Ghana to regain FAA category 1 status

The country is tipped to regain its US Federal Aviation Administration (FAA) Category 1 status, following the realignment of various policies, establishment of key institutions, and amendment of laws governing the aviation sector in line with international requirements over the past few years.

The economic benefits from a country being designated as a Category 1 country are extensive, as according to the FAA it “allows new, direct, highly desirable, and profitable routes into the United States”. It also allows code-sharing with a US air-carrier.

Put simply, Ghanaian registered carriers will be able to offer flights to the US – just as Ghana Airways used to do in the past – and form meaningful partnerships with US carriers, thereby offering passengers more travelling options from Ghana to the North American country.

Reforms led by the Aviation Ministry, according to analysts, have placed the country in a pole position to move from its current Category 2 status to Category 1 Status soon, after over a decade since the downgrade.

They include: the recent inauguration of the National Air Transport Facilitation Committee; obtaining Africa’s highest score in Aviation Safety Oversight after scoring a provisional Effective Implementation (EI) rate of 89.89 percent; and the expected decoupling of the Ghana Civil Aviation Authority (GCAA) from Air Navigation Services this year.

The expected establishment of an independent Accident Investigations Board, and amendment of the GCAA Act are all major developments in line with UN agency the International Civil Aviation Organisation’s (ICAO) requirements.

To protect passenger rights, the Aviation Ministry – led by Joseph Kofi Adda and working with various stakeholders – recently launched the Consumer Protection Directives.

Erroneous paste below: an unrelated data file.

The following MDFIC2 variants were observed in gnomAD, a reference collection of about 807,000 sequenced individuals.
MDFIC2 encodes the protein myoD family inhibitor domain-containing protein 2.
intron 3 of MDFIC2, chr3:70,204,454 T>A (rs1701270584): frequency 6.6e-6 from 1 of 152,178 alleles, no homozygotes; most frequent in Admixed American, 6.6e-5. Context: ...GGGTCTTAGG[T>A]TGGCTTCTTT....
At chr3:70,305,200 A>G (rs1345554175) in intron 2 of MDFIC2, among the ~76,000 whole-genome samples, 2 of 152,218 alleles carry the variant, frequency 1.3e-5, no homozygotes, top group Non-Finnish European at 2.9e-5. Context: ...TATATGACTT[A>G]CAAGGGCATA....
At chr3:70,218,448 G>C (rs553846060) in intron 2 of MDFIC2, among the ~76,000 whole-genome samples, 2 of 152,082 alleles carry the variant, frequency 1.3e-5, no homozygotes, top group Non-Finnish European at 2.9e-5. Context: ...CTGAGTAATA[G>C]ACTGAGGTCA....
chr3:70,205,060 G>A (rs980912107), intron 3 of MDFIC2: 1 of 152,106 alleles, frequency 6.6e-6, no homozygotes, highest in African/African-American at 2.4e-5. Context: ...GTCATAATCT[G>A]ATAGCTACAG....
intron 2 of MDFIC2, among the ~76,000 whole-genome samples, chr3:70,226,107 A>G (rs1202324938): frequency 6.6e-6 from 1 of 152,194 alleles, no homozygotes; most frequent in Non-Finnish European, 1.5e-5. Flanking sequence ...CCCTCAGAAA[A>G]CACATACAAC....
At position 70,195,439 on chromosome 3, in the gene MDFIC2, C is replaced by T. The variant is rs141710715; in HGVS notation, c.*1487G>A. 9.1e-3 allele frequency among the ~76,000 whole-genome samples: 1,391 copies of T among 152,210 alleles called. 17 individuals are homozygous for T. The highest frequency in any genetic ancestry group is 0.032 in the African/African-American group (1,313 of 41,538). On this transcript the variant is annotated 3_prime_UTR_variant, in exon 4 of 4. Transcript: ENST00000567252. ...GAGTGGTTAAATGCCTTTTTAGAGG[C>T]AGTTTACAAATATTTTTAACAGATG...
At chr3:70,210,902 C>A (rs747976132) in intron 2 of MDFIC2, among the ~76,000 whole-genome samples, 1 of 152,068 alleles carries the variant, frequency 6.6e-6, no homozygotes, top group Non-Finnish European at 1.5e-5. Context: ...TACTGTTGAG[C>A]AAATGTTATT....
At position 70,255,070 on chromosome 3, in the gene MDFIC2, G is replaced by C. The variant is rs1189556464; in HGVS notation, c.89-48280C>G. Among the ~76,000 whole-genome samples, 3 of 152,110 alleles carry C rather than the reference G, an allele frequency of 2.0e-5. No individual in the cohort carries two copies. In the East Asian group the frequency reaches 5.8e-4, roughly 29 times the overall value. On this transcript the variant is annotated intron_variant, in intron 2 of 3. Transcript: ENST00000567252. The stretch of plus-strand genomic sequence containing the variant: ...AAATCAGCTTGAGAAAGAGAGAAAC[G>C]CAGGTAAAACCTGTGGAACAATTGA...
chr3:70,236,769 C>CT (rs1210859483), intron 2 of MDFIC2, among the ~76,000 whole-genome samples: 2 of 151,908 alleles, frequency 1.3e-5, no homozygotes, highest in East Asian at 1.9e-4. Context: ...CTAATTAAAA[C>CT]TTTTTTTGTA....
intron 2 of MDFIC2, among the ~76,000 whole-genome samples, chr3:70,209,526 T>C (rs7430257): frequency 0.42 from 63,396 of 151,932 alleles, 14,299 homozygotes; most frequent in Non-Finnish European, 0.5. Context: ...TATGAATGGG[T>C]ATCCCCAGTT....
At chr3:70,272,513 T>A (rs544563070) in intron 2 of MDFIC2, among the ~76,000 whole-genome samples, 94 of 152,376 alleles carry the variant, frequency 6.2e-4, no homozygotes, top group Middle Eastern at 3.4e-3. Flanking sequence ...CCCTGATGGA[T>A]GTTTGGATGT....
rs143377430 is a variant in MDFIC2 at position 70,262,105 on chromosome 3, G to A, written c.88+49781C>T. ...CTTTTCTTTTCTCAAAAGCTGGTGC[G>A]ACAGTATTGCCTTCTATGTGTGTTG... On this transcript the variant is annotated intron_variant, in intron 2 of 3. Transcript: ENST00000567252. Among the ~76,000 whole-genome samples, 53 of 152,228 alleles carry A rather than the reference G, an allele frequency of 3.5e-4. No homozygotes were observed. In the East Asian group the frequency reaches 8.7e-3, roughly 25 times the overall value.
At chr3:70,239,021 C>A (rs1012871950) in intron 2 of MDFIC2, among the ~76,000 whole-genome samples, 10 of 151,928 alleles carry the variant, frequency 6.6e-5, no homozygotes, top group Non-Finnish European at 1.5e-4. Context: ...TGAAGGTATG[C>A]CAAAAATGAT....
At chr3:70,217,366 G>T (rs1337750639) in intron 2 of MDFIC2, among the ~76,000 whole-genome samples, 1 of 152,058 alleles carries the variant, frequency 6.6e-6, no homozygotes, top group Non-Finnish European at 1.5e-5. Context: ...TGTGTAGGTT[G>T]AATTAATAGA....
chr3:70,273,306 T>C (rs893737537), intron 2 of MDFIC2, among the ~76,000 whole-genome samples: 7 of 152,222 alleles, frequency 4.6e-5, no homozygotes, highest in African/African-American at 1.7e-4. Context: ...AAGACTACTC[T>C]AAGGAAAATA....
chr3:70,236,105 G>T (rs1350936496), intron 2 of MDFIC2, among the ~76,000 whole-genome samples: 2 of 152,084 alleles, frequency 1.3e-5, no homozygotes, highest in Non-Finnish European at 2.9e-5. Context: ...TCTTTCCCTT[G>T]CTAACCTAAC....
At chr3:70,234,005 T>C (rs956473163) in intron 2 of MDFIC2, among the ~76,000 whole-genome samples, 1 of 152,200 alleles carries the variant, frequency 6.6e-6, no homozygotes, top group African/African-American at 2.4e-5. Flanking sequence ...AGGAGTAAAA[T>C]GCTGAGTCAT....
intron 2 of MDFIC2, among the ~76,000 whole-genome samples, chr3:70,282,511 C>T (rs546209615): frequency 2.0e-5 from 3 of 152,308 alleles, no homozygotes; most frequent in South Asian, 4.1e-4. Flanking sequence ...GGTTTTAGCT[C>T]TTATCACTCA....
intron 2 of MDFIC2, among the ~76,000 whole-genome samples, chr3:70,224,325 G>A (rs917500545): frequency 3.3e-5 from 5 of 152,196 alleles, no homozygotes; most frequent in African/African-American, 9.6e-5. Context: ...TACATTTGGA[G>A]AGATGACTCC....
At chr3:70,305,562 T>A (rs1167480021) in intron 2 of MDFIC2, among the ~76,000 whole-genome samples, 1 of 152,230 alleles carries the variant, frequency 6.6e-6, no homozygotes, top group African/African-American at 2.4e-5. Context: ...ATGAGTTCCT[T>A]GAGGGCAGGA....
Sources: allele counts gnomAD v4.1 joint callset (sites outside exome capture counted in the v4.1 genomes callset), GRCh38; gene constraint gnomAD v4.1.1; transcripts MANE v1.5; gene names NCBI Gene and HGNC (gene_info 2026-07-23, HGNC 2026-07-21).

Aviation Minister Joseph Kofi Adda, at the inauguration of the passenger directives and National Air Transport Facilitation Committee said: “Despite these achievements in recent times, we will not rest on our oars. We have been recognized, and it means we must do more to stay on top”.

More protection for passengers

The Consumer Protection Directive stipulates that: When an Air Operator reasonably expects to deny boarding on a flight due to overbooking or an emergency necessitating a sudden change in an aircraft type, it shall first call for volunteers to surrender their reservations in exchange for benefits under conditions to be agreed between the passenger concerned and the Air Operator.

If an insufficient number of volunteers come forward to allow the remaining passengers with reservations to board the flight, the operating Air Operator may then deny boarding to passengers against their will.

If boarding is denied to passengers against their will, the operating Air Operator shall immediately award an affected passenger compensation amounting to not less than: (a) Sixty United States Dollars (US$60) for domestic flights, or (b) two Hundred United States Dollars (US$200) for international flights of one thousand five hundred kilometres (1500 km) or less; or (c) Four hundred United States Dollars (US$400) for international flights with a distance of between one thousand five hundred kilometres (1,500 km) to three thousand five hundred kilometres (3,500 km); or (d) Six Hundred United States Dollars (US$600) for international flights of more than three thousand five hundred kilometres (3,500 km).